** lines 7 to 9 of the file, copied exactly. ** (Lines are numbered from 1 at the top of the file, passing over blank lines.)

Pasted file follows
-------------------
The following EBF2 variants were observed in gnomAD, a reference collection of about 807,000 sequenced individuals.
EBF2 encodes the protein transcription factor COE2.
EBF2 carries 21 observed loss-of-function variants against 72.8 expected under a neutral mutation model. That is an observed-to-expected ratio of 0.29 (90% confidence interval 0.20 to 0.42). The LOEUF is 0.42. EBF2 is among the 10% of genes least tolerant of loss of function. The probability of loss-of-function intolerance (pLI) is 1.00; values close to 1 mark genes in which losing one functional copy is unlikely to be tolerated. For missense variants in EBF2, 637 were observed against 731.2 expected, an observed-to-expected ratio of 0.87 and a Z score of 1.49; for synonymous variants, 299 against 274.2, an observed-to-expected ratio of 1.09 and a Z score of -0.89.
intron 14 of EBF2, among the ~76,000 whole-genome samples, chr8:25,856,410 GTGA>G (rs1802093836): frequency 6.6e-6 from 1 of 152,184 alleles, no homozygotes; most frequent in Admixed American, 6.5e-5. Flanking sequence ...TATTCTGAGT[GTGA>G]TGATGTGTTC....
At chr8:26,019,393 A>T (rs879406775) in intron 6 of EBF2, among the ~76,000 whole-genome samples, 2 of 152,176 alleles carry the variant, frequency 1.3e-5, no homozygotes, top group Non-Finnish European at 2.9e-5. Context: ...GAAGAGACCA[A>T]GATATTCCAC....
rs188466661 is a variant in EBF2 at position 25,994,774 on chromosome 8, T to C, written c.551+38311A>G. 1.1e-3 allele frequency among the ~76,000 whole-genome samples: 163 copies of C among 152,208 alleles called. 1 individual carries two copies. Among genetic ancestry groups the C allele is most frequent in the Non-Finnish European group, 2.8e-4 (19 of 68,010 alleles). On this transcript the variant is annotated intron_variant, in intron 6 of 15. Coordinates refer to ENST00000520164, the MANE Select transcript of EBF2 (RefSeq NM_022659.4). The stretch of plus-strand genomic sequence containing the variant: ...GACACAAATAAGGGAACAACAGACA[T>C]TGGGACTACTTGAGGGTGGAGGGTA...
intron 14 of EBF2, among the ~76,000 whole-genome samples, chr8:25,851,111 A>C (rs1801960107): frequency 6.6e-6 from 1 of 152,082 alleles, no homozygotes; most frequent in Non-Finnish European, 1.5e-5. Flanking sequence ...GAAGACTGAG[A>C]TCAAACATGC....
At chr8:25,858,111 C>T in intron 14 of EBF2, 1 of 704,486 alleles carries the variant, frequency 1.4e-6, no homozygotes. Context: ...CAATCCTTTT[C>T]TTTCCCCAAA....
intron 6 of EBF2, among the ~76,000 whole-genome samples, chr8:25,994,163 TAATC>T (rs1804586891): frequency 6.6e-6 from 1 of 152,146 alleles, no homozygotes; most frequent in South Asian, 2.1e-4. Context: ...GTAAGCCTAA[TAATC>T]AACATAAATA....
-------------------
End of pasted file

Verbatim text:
intron 14 of EBF2, among the ~76,000 whole-genome samples, chr8:25,851,111 A>C (rs1801960107): frequency 6.6e-6 from 1 of 152,082 alleles, no homozygotes; most frequent in Non-Finnish European, 1.5e-5. Flanking sequence ...GAAGACTGAG[A>C]TCAAACATGC....
At chr8:25,858,111 C>T in intron 14 of EBF2, 1 of 704,486 alleles carries the variant, frequency 1.4e-6, no homozygotes. Context: ...CAATCCTTTT[C>T]TTTCCCCAAA....
intron 6 of EBF2, among the ~76,000 whole-genome samples, chr8:25,994,163 TAATC>T (rs1804586891): frequency 6.6e-6 from 1 of 152,146 alleles, no homozygotes; most frequent in South Asian, 2.1e-4. Context: ...GTAAGCCTAA[TAATC>T]AACATAAATA....